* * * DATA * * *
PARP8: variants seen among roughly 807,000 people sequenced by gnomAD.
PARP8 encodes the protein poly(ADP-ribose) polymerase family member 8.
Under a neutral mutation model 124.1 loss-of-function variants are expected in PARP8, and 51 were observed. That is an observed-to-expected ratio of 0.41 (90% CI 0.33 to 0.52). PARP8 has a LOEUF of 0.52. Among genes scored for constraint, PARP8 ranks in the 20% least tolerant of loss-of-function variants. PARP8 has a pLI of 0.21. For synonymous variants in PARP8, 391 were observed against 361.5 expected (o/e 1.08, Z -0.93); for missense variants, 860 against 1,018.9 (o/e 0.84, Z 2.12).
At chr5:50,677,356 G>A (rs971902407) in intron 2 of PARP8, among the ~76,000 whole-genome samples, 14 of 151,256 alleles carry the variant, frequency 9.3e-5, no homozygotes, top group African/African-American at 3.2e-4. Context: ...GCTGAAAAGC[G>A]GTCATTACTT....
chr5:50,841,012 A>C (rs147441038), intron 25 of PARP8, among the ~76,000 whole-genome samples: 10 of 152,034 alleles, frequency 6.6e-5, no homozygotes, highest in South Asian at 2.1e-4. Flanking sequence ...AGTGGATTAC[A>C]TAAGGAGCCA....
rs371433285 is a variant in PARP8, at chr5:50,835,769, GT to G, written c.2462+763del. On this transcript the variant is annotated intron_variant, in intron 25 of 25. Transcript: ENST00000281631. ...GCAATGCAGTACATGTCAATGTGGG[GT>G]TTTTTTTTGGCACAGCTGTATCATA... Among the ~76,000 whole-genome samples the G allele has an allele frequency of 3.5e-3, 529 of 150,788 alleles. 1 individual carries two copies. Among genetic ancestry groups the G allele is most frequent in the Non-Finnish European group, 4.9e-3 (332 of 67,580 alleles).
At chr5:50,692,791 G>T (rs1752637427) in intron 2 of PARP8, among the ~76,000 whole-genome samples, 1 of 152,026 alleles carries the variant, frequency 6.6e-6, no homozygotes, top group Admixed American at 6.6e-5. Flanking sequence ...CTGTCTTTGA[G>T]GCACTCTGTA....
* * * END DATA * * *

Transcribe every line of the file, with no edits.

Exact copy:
PARP8: variants seen among roughly 807,000 people sequenced by gnomAD.
PARP8 encodes the protein poly(ADP-ribose) polymerase family member 8.
Under a neutral mutation model 124.1 loss-of-function variants are expected in PARP8, and 51 were observed. That is an observed-to-expected ratio of 0.41 (90% CI 0.33 to 0.52). PARP8 has a LOEUF of 0.52. Among genes scored for constraint, PARP8 ranks in the 20% least tolerant of loss-of-function variants. PARP8 has a pLI of 0.21. For synonymous variants in PARP8, 391 were observed against 361.5 expected (o/e 1.08, Z -0.93); for missense variants, 860 against 1,018.9 (o/e 0.84, Z 2.12).
At chr5:50,677,356 G>A (rs971902407) in intron 2 of PARP8, among the ~76,000 whole-genome samples, 14 of 151,256 alleles carry the variant, frequency 9.3e-5, no homozygotes, top group African/African-American at 3.2e-4. Context: ...GCTGAAAAGC[G>A]GTCATTACTT....
chr5:50,841,012 A>C (rs147441038), intron 25 of PARP8, among the ~76,000 whole-genome samples: 10 of 152,034 alleles, frequency 6.6e-5, no homozygotes, highest in South Asian at 2.1e-4. Flanking sequence ...AGTGGATTAC[A>C]TAAGGAGCCA....
rs371433285 is a variant in PARP8, at chr5:50,835,769, GT to G, written c.2462+763del. On this transcript the variant is annotated intron_variant, in intron 25 of 25. Transcript: ENST00000281631. ...GCAATGCAGTACATGTCAATGTGGG[GT>G]TTTTTTTTGGCACAGCTGTATCATA... Among the ~76,000 whole-genome samples the G allele has an allele frequency of 3.5e-3, 529 of 150,788 alleles. 1 individual carries two copies. Among genetic ancestry groups the G allele is most frequent in the Non-Finnish European group, 4.9e-3 (332 of 67,580 alleles).
At chr5:50,692,791 G>T (rs1752637427) in intron 2 of PARP8, among the ~76,000 whole-genome samples, 1 of 152,026 alleles carries the variant, frequency 6.6e-6, no homozygotes, top group Admixed American at 6.6e-5. Flanking sequence ...CTGTCTTTGA[G>T]GCACTCTGTA....